10 minutes with Iveta Vaivode
Iveta Gabaliņa (ex Vaivode, 1979) is a Latvian photographer known for nostalgic poetic landscapes and portraits in the series Somewhere on the Disappearing Path, created in the east of Latvia – a place once called home by her family. Gabaliņa ir also known for projects of a more conceptual nature, such as Opera and Polar, which manifest the photographer’s interest in the perception of time. Vaivode-Gabaliņa has acquired a Bachelor’s degree in Photography from the Arts University Bournemouth in the UK and a Master’s degree from Aalto University in Helsinki. She has also received various awards, including C/O Berlin Talents 2013, Burn Magazine scholarship, etc. Her exhibition My Hand is Warmer than the Sun opens today at Careva Gallery in Riga and will be on view until 29 June, as part of Riga Photomonth programme.
What will we see in your exhibition?
The exhibition will show works resulting from my participation in an artist residence in the Arctic Circle. It was three weeks spent in Svalbard on the customized sailing ship Antiqua, which sailed from one point of the Spitsbergen Archipelago to another. I was one of 30 artists who went to the Arctic to carry out our dream projects. Before I even got to the Arctic, I knew I wanted to work with the landscape. I spent most of my time in the residence photographing the untouched shores of Svalbard, the glaciers and their remnants. When I returned home, apart from the negatives and vivid memories I also took a part of the glacier with me – a very real, baby-sized block of ice. I spent the remaining time until the exhibition melting this piece of ice. I placed it on light-sensitive paper in the B&W photo lab, projecting the landscape of the glacier itself on it. As a result, I obtained a hybrid of a photograph and a photogram. That is what you will see in the exhibition.
How did it feel in the Arctic?
The Arctic is beautiful in its indifference. When you are there, you begin to understand the theory of relativity more clearly. To some degree, the landscape had a very calming effect. It makes us aware of the general truth that we are just a moment on this planet. At the same time, it is also the landscape of our guilt because the glaciers are melting and it makes our moment on the planet a bit shorter, but it does not really matter either.
Are you concerned about global climate change?
It bothers me as much as the fear of war or severe diseases. Essentially, it is the fear of death, which is present in our consciousness, but at the same time too abstract to provoke any action. In any case, it worries me less than the daily consumption of plastic bags or the excessive amount of sugar on pre-school children’s menu.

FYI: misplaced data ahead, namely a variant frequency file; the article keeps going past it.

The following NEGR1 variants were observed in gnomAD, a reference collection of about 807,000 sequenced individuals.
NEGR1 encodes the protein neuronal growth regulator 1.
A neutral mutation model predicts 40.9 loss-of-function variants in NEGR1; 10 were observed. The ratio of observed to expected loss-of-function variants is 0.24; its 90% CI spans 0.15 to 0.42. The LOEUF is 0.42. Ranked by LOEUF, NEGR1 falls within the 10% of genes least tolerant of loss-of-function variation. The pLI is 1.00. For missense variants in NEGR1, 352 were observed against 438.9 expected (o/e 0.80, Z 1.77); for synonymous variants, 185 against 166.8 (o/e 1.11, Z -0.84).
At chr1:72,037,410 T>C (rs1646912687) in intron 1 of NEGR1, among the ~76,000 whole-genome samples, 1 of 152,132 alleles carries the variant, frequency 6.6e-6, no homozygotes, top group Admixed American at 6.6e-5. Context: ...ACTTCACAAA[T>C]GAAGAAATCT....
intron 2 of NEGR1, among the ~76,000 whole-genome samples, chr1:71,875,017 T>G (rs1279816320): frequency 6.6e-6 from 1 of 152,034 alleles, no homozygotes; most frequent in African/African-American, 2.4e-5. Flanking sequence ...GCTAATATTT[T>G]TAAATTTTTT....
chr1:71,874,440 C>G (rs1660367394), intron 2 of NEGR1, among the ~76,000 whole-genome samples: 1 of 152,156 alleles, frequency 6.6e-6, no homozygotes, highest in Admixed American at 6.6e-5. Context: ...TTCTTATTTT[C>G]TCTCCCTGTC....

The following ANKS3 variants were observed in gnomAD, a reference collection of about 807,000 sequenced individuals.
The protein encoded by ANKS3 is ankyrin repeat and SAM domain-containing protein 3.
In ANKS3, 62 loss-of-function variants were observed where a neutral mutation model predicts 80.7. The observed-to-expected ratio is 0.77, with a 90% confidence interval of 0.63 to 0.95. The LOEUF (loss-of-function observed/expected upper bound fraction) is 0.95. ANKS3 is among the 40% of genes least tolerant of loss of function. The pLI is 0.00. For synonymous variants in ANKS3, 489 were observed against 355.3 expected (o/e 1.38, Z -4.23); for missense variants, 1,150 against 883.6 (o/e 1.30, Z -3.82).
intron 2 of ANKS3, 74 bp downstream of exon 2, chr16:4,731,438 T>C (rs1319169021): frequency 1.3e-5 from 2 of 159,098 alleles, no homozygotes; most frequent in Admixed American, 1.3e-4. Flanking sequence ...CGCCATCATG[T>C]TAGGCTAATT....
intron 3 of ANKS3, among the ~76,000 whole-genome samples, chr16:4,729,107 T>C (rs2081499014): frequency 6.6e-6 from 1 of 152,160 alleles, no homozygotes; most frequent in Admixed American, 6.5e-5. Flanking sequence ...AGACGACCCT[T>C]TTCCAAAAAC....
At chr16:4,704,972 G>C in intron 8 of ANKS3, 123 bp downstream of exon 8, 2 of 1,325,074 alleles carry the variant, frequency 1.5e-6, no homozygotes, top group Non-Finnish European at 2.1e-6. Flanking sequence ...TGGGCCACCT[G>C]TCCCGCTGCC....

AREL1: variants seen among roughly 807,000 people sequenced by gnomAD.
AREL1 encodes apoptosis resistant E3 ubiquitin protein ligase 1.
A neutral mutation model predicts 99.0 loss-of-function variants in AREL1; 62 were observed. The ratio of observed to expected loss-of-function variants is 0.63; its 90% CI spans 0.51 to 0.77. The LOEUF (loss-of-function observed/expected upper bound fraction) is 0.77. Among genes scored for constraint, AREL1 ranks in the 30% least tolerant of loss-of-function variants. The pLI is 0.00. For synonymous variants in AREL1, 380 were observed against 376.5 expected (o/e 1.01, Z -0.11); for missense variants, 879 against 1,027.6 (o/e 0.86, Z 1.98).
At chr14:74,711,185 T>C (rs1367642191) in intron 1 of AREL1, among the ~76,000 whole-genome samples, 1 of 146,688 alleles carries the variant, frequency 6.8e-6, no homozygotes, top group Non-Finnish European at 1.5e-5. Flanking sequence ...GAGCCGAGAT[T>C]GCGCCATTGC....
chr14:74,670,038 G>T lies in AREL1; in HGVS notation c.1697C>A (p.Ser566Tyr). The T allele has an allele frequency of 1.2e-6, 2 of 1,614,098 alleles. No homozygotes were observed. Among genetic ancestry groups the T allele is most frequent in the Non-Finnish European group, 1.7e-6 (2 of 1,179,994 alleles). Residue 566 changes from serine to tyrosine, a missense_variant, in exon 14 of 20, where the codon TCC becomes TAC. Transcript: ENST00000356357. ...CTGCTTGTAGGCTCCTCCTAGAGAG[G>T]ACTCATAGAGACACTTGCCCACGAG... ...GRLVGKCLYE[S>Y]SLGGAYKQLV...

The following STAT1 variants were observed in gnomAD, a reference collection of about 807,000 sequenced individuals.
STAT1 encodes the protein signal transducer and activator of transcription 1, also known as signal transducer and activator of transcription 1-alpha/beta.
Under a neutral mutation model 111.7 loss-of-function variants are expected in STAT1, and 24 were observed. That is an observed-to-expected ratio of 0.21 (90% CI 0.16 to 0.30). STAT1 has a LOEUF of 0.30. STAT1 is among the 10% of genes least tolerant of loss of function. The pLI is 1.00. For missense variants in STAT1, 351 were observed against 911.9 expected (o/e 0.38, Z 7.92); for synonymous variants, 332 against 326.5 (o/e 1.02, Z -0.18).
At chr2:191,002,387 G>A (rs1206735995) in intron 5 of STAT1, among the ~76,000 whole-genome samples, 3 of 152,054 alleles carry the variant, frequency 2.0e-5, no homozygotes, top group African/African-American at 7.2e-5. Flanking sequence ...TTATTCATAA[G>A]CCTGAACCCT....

How would you characterize your interests in photography?
Sometimes photography allows me to get closer to the topics that at some point in life seem important or interesting to me. I am used to working with this medium and I feel comfortable enough to experiment and find new means of expression. I am interested in works that are equally strong in both their conceptual and technical performance. If I look at my activities over a longer period of time, it can be concluded that one of the elements that I find interesting in photography is the concept of time. This is reflected most prominently in my work Opera and the 2016 work Polar. One of the central questions in my latest work also deals with time. The process of ice melting as an inevitable countdown to emptiness or transformation.
What have been the greatest challenges while working on the exhibition?
To create this work, I used an analogue technique in which each work is unique and cannot be retouched or reproduced digitally. For me as a photographer, this was a new experience, where the greatest challenge was to preserve the works in a quality that would be suitable for framing and exhibiting. Of course, keeping a piece of ice in the freezer for nearly a year, during which my daughter was born and we moved house, was also a pretty big challenge.